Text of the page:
In the light most favorable to Moriarty:
1. FDSA bargains with Union on behalf of all of its employer-members, including Glueckert. It has always advised Union at the outset of negotiations for a new CBA that it is bargaining on behalf of all of its members, and its labor contracts with Union purport to bind all FDSA members that employ persons who perform covered work. In addition, a principal activity of FDSA is and always has been the negotiation of labor contracts with Union, and it is a universally observed custom that all FDSA employer-members are bound by those contracts (P. 12(M) P10; P. 12(N) Supp. PP61-64; Moriarty Dep. 120-21, 139).
2. As a member of FDSA for six years, Glueckert periodically (several times during the course of each year) received FDSA newsletters (P. Ex. X; P. 12(M) P12, 26) that made reference to, and provided updates on the status of, labor negotiations that the FDSA's negotiating teams were involved in on behalf of FDSA members (see P. R. Mem. 8-9 for relevant excerpts from those newsletters).
3. As a member of FDSA, Glueckert periodically received notice from FDSA that labor contracts were open for negotiation. And after the negotiation of new labor contracts, Glueckert was sent notice of the new terms of those contracts and copies of the contracts (D. 12(N) P12.2-.3; Moriarty Aff. PP14-16, 21-22). Some FDSA letters sent to its members, including Glueckert, that informed them of new CBAs stated that the agreements apply "to every member of the association" (P. Ex. Z; Moriarty Aff. P22).
4. Both John Jr. (and to a lesser extent John Sr.) participated in FDSA activities and periodically attended FDSA membership meetings, at which meetings the minutes of the most recent FDSA Board of Directors (the "Board") were read (P. Ex. AA 9-12). And John Jr. actually served on the Board, which is entrusted to manage FDSA, from March 1994 until September 1994, during which time the Board approved the embalmers negotiating committee's proposed labor contract (P. Ex. AA 10-11; see P. R. Mem. 5-6).
But viewed in the light most favorable to Glueckert:
1. Labor negotiations are not as large or conspicuous a part of FDSA as Moriarty suggests. In fact, when John Sr. was considering joining FDSA he was sent a letter from FDSA providing background and introductory information on the association (P. Ex. W; D. Ex. 4A). That letter outlines recent FDSA activities and areas of interest such as "Funeral Director Regulation," "Insurance Programs" and "Funeral Director and Consumer Education," but it does not so much as mention negotiation of labor contracts with Union (id.). FDSA also sent John Sr. a one-page brochure titled "WHAT FDSA CAN DO FOR YOU" (D. Ex. 4A). Despite listing several different services that FDSA has to offer to potential members (including "Information Central," "Educational Meetings and Workshops," "Government Relations," "Insurance Programs," "Programming Assistance," "Special Reports," "Legal," "Legislative," "Monthly Newsletter," "Quarterly Meetings," "Other Services," "Fun" and "Travel"), that promotional document makes no reference to labor relations or to the negotiation of labor contracts with Union (id.).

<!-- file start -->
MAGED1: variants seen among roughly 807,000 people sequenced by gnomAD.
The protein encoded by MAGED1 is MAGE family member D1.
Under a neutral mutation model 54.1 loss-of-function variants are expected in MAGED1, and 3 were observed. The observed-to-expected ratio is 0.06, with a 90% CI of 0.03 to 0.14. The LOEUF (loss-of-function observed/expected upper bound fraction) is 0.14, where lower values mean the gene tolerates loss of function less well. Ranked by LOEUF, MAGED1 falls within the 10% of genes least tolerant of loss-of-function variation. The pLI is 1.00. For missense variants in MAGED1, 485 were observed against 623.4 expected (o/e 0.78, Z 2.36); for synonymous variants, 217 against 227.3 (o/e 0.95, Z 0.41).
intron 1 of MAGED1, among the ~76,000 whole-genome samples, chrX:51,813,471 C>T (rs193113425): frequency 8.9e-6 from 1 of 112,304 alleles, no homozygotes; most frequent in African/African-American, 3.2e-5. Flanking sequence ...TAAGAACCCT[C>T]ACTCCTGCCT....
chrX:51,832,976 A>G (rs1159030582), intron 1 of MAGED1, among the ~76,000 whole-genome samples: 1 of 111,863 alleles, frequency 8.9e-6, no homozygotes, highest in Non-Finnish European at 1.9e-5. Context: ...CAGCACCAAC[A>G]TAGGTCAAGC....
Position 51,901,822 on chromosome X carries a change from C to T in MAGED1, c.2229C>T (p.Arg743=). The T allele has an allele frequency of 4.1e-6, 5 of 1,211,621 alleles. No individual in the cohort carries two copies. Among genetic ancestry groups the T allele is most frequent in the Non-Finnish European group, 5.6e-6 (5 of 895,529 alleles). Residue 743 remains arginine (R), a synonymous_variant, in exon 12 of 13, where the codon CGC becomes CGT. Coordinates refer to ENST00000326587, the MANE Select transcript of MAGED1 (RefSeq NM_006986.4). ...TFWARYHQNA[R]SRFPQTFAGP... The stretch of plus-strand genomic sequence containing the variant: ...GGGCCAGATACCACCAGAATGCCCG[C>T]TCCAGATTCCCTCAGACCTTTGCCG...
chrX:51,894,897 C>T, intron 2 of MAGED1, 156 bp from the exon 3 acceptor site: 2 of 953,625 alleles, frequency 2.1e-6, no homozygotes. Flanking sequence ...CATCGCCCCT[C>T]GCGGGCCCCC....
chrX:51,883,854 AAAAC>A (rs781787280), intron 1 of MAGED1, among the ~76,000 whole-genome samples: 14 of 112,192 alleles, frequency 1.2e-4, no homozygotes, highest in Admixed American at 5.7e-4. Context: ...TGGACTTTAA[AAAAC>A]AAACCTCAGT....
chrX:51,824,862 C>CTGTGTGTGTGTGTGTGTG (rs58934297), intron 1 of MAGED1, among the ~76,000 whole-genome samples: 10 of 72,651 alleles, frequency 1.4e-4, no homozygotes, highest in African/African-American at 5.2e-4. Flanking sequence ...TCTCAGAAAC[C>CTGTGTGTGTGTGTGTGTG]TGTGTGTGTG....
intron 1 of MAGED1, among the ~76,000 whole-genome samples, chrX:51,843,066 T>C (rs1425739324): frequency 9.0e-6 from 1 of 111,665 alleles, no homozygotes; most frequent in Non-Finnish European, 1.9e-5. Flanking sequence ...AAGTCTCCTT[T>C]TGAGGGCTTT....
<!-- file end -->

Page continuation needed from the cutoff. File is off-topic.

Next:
2. Before joining FDSA, John Jr. and Sr. met with FDSA Executive Director Moriarty to discuss Glueckert's joining FDSA. At that meeting, John Sr. asked Moriarty a question about FDSA and union membership (John Sr. Dep. 47). John Sr. says that he understood Moriarty's response to mean that joining FDSA would not create any relationship between Glueckert and any union (John Sr. Aff. P8).
3. Although Glueckert may have known that FDSA bargained on behalf of some of its members, it was not aware that FDSA bargained on behalf of all of its members and was not aware of any labor or union ramifications to joining FDSA, and it was never informed by anyone (until 1994) that by joining FDSA it would be obligated to make contributions to Funds (D. 12(M) 29-30, 37, 41, 47, 50-52; Glueckert Sr. Aff. P10; see D. R. Mem. 5, 7-9). Glueckert never signed a CBA or any document authorizing FDSA to negotiate such agreements on its behalf, and it has never voted upon, approved or ratified any union contract (D. 12(M) PP31-36). Glueckert has also provided the affidavit of one other FDSA member who was not aware that FDSA bargained on its behalf (Justen Aff.).